Scariest things you've seen - page 5

What is the scariest thing you have seen other nurses do? We have all seen some pretty ignorant, or uncaring things. Just curious. Someone should probably write a book.... Read More

  1. by   abundantjoy07
    i don't have much experience under my belt (nursing student working as cna now) however at my ltc this lady was fussy. crying and afraid. the nurse went in looked at her and told her to stop crying. which of course she didn't. so he said to her face that he didn't have "time for this mess" and walked out. she sensed that hostility and continued to cry.
    i went in and held her hand and rubbed her cheeks and ah-ha....she calmed down. i didn't hear a peep out of her all night after that. sometimes people just need a little love shown.
    rudeness is so unnecessary. it's important to remember that just because people are in an ltc doesn't mean they are dumb . they just need care.
  2. by   potsy
    I am SOOO scared. I am a nursing student finishing advanced med-surg. Already I have seen so many medication errors that I have informed my family that I NEVER want to be hospitalized. It has, however, made me extremely aware of proper medication administration! :imbar
  3. by   gypsyangelrn
    It never ceases to amaze me !!

    Way back in '77 I was working in Coronary Care....called a Resident DR. to report a low potassium. He asked me, what do you think I should do. I said, we usually add K to the IV....he says How Much?? Same place....had a pt's BP drop from his usual high to lower suddenly...called and reported to Resident who said, well it's normal now...pt. coded shortly thereafter. Had a pt. in respiratory distress in CCU..called Resident for assistance. R 1 and R2 came. R2 says to R1, here's your chance to intubate. After 3 unsucessful attempts, R2 tries without sucess. Mean while pt. not doing well.....I suggest at least trying some O2.
    Finally R3 is called, pt. finallly intubated, but is nonresponsive...pupils dilated.
    I never felt so upset and helpless in my career!

    Working on Intermediate Cardiac Care....Pt. started on IV Dobutrex and titrated since 12 noon....( I Worked 7 P- 7A)...discovered during my first rounds that Dobutrex had been not attached to maintenance IV, and had been infusing onto the floor, probably since noon! Got report from RN who told me pt's next IV hadn't been sent from pharmacy yet...pt. had a PICC...when questioned, she said she had turned IV off....not flushed. Took alot of work for me and another RN to declot it! :angryfire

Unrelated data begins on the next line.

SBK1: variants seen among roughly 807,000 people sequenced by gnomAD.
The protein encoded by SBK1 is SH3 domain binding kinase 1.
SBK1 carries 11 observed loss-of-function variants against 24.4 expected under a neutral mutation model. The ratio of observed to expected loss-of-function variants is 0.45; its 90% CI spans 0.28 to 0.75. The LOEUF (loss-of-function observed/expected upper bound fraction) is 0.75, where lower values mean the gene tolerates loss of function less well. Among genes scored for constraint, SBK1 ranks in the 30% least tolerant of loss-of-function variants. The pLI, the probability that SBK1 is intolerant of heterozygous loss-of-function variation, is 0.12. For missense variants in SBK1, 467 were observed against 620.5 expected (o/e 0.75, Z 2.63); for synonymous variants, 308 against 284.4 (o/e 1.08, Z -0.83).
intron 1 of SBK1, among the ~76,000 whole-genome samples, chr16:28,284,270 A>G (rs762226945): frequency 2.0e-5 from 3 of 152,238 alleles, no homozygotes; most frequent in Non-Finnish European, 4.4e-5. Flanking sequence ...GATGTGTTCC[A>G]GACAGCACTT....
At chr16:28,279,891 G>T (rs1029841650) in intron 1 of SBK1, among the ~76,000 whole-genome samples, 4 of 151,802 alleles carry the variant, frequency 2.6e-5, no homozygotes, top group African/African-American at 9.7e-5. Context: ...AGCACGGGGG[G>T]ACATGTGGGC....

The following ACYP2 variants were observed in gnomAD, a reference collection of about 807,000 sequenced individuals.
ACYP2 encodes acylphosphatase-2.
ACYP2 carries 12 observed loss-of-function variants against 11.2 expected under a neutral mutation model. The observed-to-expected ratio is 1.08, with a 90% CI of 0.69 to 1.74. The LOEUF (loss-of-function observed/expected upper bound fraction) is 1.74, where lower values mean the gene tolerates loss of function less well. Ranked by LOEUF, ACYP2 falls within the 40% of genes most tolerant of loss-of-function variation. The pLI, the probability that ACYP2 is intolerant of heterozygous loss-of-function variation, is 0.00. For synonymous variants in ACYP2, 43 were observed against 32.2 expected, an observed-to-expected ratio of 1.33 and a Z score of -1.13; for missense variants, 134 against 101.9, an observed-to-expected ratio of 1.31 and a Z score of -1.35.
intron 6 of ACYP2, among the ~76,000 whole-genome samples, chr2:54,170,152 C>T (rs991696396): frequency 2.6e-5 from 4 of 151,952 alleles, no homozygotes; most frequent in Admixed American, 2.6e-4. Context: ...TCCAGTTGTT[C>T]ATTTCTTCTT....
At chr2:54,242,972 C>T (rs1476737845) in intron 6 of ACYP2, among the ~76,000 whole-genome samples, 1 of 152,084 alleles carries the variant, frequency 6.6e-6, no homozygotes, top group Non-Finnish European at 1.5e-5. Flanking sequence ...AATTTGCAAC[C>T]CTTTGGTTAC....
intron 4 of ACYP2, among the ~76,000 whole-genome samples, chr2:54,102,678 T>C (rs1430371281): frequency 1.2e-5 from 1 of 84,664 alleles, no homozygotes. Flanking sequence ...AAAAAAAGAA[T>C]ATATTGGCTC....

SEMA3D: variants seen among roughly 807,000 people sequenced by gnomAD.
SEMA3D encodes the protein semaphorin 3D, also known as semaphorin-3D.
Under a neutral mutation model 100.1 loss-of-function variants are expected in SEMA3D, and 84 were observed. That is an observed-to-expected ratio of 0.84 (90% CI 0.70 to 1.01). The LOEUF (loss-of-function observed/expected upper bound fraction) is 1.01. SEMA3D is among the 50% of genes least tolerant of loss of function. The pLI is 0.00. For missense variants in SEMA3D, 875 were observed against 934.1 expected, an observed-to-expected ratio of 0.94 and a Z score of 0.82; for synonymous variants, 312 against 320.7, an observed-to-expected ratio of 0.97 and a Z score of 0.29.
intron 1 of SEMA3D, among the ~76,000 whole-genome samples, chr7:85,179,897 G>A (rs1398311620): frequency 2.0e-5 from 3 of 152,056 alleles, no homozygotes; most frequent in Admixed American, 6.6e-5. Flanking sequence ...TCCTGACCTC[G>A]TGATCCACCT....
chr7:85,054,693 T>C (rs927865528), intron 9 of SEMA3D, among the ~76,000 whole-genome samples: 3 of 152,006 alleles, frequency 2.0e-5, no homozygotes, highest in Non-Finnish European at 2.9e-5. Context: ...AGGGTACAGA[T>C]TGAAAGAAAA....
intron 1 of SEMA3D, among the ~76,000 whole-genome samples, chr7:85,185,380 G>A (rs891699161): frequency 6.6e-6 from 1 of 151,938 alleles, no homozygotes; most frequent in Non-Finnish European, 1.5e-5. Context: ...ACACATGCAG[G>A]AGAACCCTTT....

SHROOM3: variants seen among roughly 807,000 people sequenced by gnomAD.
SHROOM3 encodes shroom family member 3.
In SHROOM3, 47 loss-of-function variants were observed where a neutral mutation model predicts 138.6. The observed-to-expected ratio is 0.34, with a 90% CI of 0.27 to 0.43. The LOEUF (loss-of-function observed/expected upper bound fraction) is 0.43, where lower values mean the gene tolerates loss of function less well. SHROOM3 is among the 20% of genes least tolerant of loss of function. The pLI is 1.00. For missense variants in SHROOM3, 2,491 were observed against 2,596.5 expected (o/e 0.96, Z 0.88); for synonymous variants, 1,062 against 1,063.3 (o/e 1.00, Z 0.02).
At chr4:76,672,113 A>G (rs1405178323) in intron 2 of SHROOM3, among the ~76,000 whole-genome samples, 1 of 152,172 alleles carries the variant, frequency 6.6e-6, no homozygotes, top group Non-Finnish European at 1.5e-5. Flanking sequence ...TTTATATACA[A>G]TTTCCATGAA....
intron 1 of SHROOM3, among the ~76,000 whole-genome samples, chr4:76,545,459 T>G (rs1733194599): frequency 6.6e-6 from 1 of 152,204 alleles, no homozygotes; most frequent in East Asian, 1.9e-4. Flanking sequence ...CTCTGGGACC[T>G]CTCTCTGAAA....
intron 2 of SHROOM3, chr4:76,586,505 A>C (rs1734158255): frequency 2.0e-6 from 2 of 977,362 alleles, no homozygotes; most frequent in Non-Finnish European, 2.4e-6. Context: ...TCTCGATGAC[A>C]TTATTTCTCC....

4. by   luvbug9956
    Nothing bothers me more than breaking sterile technique and continuing with the procedure. Just yesterday I was assisting an RN (with 15 yrs experience) to insert a foley. She missed the first two times and placed the catheter in the vagina. She had to run to the supply room twice in the middle of the procedure to retrieve a new catheter. On the third try, she also placed it into the vagina (which, by the way, the patient had vaginitis!). I think she was tired of going to the supply room. She took this catheter covered with vaginal secretions and stuck it into the urethra! I about lost it. Even though I removed this catheter immediately (and did it myself!), the patient had already been exposed to what could turn into a serious UTI - patient is elderly also. God...and Ive only been an RN for two months.
  5. by   BHolliRNMS
    LPN #1 reported to RN Sup that tube fed insuling-dependant diabetic patient with nausea and high residuals. RN instructed her to turn the feeding off, assuming the LPN had enough sense to recheck the patient in 30 minutes. End of shift arrives, RN with patient who is dying providing comfort measures and support to the family. LPN#1 who works 7-3 reports to LPN2 who is working 3-11 and 11-7 that the feeding is off due to vomiting. LPN 2 administers 4pm insulin and never checks FSBS. Then, LPN2 administers 6am insulin and never checks FSBS. LPN3 comes to work in am and discovers tube feeding is STILL OFF! LPN3 immediately checks FSBS and it is 40. Patient recovered thanks to LPN3. LPN2 turned in to board of nursing and received severe reprimands including license restriction. LPN1 received formal reprimand. RN supervisor received FINE for failure to reassess the patient prior to leaving her shift.